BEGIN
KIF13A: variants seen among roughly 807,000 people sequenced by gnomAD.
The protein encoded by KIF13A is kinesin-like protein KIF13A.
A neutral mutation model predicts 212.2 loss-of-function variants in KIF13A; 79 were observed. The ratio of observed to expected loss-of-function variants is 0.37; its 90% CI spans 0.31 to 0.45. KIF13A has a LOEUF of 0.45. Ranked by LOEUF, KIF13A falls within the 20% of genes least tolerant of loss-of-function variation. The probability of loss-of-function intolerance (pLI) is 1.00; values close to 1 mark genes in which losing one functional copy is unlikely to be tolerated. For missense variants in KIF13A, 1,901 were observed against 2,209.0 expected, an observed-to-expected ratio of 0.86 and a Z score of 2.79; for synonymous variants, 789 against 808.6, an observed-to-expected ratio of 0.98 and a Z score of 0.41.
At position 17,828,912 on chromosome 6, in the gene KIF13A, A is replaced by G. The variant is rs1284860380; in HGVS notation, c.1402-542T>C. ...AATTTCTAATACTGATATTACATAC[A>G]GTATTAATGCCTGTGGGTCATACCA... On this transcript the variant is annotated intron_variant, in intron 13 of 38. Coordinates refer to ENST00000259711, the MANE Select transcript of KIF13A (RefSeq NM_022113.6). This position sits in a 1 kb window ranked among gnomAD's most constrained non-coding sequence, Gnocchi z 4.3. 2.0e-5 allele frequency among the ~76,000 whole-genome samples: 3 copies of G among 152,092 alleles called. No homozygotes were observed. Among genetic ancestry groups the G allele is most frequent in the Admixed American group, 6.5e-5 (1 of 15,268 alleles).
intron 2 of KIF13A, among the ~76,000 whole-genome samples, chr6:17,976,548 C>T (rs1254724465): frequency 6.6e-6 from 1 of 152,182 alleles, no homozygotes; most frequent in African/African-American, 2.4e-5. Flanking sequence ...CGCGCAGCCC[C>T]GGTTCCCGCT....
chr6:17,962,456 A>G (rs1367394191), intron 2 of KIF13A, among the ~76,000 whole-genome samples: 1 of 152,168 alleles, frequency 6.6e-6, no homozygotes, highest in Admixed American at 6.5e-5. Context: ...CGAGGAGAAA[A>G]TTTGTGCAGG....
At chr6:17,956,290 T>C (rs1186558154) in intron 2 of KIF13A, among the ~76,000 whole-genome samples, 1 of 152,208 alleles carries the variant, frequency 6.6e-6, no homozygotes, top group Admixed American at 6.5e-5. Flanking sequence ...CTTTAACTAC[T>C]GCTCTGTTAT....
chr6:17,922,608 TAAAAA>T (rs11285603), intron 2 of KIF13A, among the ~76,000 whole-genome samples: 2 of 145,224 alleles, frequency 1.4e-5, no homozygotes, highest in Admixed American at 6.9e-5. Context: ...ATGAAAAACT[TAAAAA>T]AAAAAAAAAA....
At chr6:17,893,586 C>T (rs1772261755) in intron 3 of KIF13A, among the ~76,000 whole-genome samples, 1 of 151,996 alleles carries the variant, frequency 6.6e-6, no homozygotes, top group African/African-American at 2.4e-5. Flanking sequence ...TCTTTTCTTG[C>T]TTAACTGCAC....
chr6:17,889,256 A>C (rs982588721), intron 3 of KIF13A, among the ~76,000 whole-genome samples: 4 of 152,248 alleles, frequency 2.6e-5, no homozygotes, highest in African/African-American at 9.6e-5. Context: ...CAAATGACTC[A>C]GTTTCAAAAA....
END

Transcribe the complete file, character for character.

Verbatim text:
KIF13A: variants seen among roughly 807,000 people sequenced by gnomAD.
The protein encoded by KIF13A is kinesin-like protein KIF13A.
A neutral mutation model predicts 212.2 loss-of-function variants in KIF13A; 79 were observed. The ratio of observed to expected loss-of-function variants is 0.37; its 90% CI spans 0.31 to 0.45. KIF13A has a LOEUF of 0.45. Ranked by LOEUF, KIF13A falls within the 20% of genes least tolerant of loss-of-function variation. The probability of loss-of-function intolerance (pLI) is 1.00; values close to 1 mark genes in which losing one functional copy is unlikely to be tolerated. For missense variants in KIF13A, 1,901 were observed against 2,209.0 expected, an observed-to-expected ratio of 0.86 and a Z score of 2.79; for synonymous variants, 789 against 808.6, an observed-to-expected ratio of 0.98 and a Z score of 0.41.
At position 17,828,912 on chromosome 6, in the gene KIF13A, A is replaced by G. The variant is rs1284860380; in HGVS notation, c.1402-542T>C. ...AATTTCTAATACTGATATTACATAC[A>G]GTATTAATGCCTGTGGGTCATACCA... On this transcript the variant is annotated intron_variant, in intron 13 of 38. Coordinates refer to ENST00000259711, the MANE Select transcript of KIF13A (RefSeq NM_022113.6). This position sits in a 1 kb window ranked among gnomAD's most constrained non-coding sequence, Gnocchi z 4.3. 2.0e-5 allele frequency among the ~76,000 whole-genome samples: 3 copies of G among 152,092 alleles called. No homozygotes were observed. Among genetic ancestry groups the G allele is most frequent in the Admixed American group, 6.5e-5 (1 of 15,268 alleles).
intron 2 of KIF13A, among the ~76,000 whole-genome samples, chr6:17,976,548 C>T (rs1254724465): frequency 6.6e-6 from 1 of 152,182 alleles, no homozygotes; most frequent in African/African-American, 2.4e-5. Flanking sequence ...CGCGCAGCCC[C>T]GGTTCCCGCT....
chr6:17,962,456 A>G (rs1367394191), intron 2 of KIF13A, among the ~76,000 whole-genome samples: 1 of 152,168 alleles, frequency 6.6e-6, no homozygotes, highest in Admixed American at 6.5e-5. Context: ...CGAGGAGAAA[A>G]TTTGTGCAGG....
At chr6:17,956,290 T>C (rs1186558154) in intron 2 of KIF13A, among the ~76,000 whole-genome samples, 1 of 152,208 alleles carries the variant, frequency 6.6e-6, no homozygotes, top group Admixed American at 6.5e-5. Flanking sequence ...CTTTAACTAC[T>C]GCTCTGTTAT....
chr6:17,922,608 TAAAAA>T (rs11285603), intron 2 of KIF13A, among the ~76,000 whole-genome samples: 2 of 145,224 alleles, frequency 1.4e-5, no homozygotes, highest in Admixed American at 6.9e-5. Context: ...ATGAAAAACT[TAAAAA>T]AAAAAAAAAA....
At chr6:17,893,586 C>T (rs1772261755) in intron 3 of KIF13A, among the ~76,000 whole-genome samples, 1 of 151,996 alleles carries the variant, frequency 6.6e-6, no homozygotes, top group African/African-American at 2.4e-5. Flanking sequence ...TCTTTTCTTG[C>T]TTAACTGCAC....
chr6:17,889,256 A>C (rs982588721), intron 3 of KIF13A, among the ~76,000 whole-genome samples: 4 of 152,248 alleles, frequency 2.6e-5, no homozygotes, highest in African/African-American at 9.6e-5. Context: ...CAAATGACTC[A>C]GTTTCAAAAA....